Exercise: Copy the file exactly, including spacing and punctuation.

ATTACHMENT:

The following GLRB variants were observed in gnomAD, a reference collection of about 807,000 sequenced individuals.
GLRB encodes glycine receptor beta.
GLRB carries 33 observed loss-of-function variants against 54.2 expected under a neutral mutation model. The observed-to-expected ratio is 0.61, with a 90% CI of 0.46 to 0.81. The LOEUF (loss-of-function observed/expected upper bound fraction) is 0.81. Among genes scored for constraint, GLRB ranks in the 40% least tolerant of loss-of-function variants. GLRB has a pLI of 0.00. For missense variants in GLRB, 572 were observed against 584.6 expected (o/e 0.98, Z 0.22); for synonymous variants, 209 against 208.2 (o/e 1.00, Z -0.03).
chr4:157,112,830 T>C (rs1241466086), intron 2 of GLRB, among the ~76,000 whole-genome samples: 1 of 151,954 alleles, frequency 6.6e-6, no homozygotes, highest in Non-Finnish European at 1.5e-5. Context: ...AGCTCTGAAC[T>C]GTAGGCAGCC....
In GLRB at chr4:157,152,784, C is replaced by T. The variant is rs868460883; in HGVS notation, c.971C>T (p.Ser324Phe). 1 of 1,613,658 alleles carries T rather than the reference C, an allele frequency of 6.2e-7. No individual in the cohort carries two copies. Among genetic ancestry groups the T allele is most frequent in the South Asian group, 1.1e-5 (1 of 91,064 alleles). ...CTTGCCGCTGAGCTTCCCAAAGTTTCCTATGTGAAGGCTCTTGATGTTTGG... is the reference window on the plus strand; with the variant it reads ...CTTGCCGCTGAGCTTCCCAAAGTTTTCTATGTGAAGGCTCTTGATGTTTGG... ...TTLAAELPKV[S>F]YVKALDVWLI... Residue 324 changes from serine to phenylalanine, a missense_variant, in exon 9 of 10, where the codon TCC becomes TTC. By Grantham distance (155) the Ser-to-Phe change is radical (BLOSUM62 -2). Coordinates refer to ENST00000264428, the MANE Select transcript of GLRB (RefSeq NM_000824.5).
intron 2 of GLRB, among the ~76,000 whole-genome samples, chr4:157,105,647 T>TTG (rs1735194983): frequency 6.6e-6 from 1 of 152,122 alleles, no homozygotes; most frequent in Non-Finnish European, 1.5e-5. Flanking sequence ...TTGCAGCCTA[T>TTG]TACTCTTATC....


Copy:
The following GLRB variants were observed in gnomAD, a reference collection of about 807,000 sequenced individuals.
GLRB encodes glycine receptor beta.
GLRB carries 33 observed loss-of-function variants against 54.2 expected under a neutral mutation model. The observed-to-expected ratio is 0.61, with a 90% CI of 0.46 to 0.81. The LOEUF (loss-of-function observed/expected upper bound fraction) is 0.81. Among genes scored for constraint, GLRB ranks in the 40% least tolerant of loss-of-function variants. GLRB has a pLI of 0.00. For missense variants in GLRB, 572 were observed against 584.6 expected (o/e 0.98, Z 0.22); for synonymous variants, 209 against 208.2 (o/e 1.00, Z -0.03).
chr4:157,112,830 T>C (rs1241466086), intron 2 of GLRB, among the ~76,000 whole-genome samples: 1 of 151,954 alleles, frequency 6.6e-6, no homozygotes, highest in Non-Finnish European at 1.5e-5. Context: ...AGCTCTGAAC[T>C]GTAGGCAGCC....
In GLRB at chr4:157,152,784, C is replaced by T. The variant is rs868460883; in HGVS notation, c.971C>T (p.Ser324Phe). 1 of 1,613,658 alleles carries T rather than the reference C, an allele frequency of 6.2e-7. No individual in the cohort carries two copies. Among genetic ancestry groups the T allele is most frequent in the South Asian group, 1.1e-5 (1 of 91,064 alleles). ...CTTGCCGCTGAGCTTCCCAAAGTTTCCTATGTGAAGGCTCTTGATGTTTGG... is the reference window on the plus strand; with the variant it reads ...CTTGCCGCTGAGCTTCCCAAAGTTTTCTATGTGAAGGCTCTTGATGTTTGG... ...TTLAAELPKV[S>F]YVKALDVWLI... Residue 324 changes from serine to phenylalanine, a missense_variant, in exon 9 of 10, where the codon TCC becomes TTC. By Grantham distance (155) the Ser-to-Phe change is radical (BLOSUM62 -2). Coordinates refer to ENST00000264428, the MANE Select transcript of GLRB (RefSeq NM_000824.5).
intron 2 of GLRB, among the ~76,000 whole-genome samples, chr4:157,105,647 T>TTG (rs1735194983): frequency 6.6e-6 from 1 of 152,122 alleles, no homozygotes; most frequent in Non-Finnish European, 1.5e-5. Flanking sequence ...TTGCAGCCTA[T>TTG]TACTCTTATC....